In a lesser actor’s hands, Kroc may have lost all sympathy at this point, but as played by Michael Keaton, the role becomes a natural extension of Kroc’s personality and the circumstances he finds himself in. In other words, it doesn’t come off as if he was a weasel in the making, just waiting for his chance to make it big, but rather, as a man who worked hard to be a success and then suddenly realized he had the clout and influence to get whatever he wanted.
Nearly as good as Keaton are Nick Offerman as Dick McDonald and John Carroll Lynch as his brother Mac McDonald. Offerman and Carroll Lynch portray the quirky brothers as two rather innocent men who were more than happy just to have their one restaurant. When Kroc begins to take over, they are slow to react, and eventually they lose nearly everything because they were not prepared to stand their ground against Kroc’s ambition.
Nick Offerman recently starred in the TV series FARGO (2015), while John Carroll Lynch seems to show up everywhere these days. He just played Lyndon Johnson in JACKIE (2016). Among other things, he’s been in AMERICAN HORROR STORY and THE WALKING DEAD, and he was memorable in the small release horror movie THE INVITATION (2015).
Laura Dern looks worn and weathered as Kroc’s longtime suffering wife, alone most of her life as he is off building a fast food empire. Even when she attempts to lend a helping hand and offer her support, it does her little good, as eventually Kroc leaves her for another woman. The other woman is Joan Smith, the wife of one of his McDonalds managers, played effectively by Linda Cardellini.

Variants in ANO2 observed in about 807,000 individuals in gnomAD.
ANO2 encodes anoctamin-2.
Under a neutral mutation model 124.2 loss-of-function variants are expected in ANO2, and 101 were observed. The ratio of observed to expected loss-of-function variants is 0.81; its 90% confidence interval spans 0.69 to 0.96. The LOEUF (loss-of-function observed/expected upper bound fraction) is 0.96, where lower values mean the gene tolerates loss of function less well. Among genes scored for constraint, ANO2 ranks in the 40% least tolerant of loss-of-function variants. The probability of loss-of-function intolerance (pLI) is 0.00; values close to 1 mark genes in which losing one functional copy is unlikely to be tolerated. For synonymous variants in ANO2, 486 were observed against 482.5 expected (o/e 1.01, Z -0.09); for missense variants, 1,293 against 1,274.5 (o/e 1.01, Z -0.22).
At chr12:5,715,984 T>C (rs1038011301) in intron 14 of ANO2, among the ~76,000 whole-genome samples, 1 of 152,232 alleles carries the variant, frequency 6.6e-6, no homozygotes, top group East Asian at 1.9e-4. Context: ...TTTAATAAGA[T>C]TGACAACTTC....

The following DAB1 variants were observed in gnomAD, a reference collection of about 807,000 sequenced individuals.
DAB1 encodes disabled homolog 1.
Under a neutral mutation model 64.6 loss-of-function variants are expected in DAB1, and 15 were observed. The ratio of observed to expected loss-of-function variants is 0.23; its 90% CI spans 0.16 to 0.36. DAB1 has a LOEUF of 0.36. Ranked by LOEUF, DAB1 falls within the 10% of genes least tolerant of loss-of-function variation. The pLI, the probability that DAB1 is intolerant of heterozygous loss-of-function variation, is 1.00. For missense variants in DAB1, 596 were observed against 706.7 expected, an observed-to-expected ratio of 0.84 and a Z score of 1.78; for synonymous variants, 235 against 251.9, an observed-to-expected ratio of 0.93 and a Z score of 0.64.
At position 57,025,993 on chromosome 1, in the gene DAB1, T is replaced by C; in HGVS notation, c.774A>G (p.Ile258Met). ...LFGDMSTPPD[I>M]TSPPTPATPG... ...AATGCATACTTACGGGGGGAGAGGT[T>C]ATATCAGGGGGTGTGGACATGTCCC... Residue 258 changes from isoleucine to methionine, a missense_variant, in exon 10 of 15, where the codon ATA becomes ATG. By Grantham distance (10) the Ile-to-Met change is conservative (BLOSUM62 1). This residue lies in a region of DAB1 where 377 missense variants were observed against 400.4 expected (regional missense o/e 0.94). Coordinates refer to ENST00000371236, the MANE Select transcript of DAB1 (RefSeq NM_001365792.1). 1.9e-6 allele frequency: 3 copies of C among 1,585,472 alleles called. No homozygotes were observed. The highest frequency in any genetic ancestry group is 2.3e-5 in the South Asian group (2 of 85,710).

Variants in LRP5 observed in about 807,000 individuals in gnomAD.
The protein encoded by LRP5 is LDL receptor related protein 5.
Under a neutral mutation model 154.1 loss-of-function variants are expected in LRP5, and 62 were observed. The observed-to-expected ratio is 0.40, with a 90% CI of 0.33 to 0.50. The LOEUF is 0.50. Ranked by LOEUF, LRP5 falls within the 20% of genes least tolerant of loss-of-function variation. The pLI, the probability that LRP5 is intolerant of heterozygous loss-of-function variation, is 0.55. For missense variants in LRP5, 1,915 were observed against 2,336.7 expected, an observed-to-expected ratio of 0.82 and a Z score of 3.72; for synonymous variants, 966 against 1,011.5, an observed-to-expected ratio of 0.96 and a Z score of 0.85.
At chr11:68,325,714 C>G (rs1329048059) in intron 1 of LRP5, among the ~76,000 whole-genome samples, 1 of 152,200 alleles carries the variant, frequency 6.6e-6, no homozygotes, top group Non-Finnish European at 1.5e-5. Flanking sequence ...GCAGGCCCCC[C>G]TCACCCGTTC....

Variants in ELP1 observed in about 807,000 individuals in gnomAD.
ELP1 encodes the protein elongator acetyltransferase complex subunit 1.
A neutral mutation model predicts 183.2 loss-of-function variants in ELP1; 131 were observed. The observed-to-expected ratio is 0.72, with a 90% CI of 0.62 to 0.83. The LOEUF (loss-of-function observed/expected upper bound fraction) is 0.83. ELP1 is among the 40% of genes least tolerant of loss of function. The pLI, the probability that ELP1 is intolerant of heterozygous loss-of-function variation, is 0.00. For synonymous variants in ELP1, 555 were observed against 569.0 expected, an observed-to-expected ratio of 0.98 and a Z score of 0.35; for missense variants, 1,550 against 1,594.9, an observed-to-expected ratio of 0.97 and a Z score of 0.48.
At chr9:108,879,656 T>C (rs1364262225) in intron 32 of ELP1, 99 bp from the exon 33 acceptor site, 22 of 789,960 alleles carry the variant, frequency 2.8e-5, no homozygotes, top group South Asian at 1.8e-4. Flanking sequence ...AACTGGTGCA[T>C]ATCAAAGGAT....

Smith’s husband, Rollie Smith, is played by Patrick Wilson from THE CONJURING and INSIDIOUS movies. B.J. Novak is memorable in a small role as Kroc’s business partner Harry J. Sonneborn, the man who advised Kroc to buy the land on which the McDonalds restaurants would be built, as a way to break free of the control of the McDonald brothers.
Even though its subject, Ray Kroc, is a controversial figure, THE FOUNDER is not THE WOLF OF WALL STREET (2013). It’s just not that dark a movie. Director John Lee Hancock films this one with bright tones which capture both the 1950s and McDonalds restaurants.
The screenplay by Robert D. Siegel also keeps things light. The movie plays like an offbeat quirky drama as opposed to an ominous piece on the ruthlessness of cutthroat business tactics.
Ray Kroc is portrayed in a positive light, and the message of success from persistence resonates because it is true. Most people succeed because they do not give up. The Ray Kroc in this movie is an admirable character, while the McDonald brothers, while certainly portrayed as two decent gentlemen, are shown to be passive and unimaginative when it comes to seeing how far their business could go. Kroc doesn’t so much as steal their business as he grows their business, and in this movie, they aren’t interested in going along for the ride, and so he takes the journey without them.
I really enjoyed THE FOUNDER. Michael Keaton is excellent, and both the script by Robert D. Siegel and direction by John Lee Hancock are equally as good.
The end result is an entertaining bio pic that tells a rather fascinating story behind the origins of the McDonalds empire.
I’ll have a cheeseburger and medium fries, please.
Books by Michael Arruda:
TIME FRAME, science fiction novel by Michael Arruda.
IN THE SPOOKLIGHT, movie review collection by Michael Arruda.
FOR THE LOVE OF HORROR, short story collection by Michael Arruda.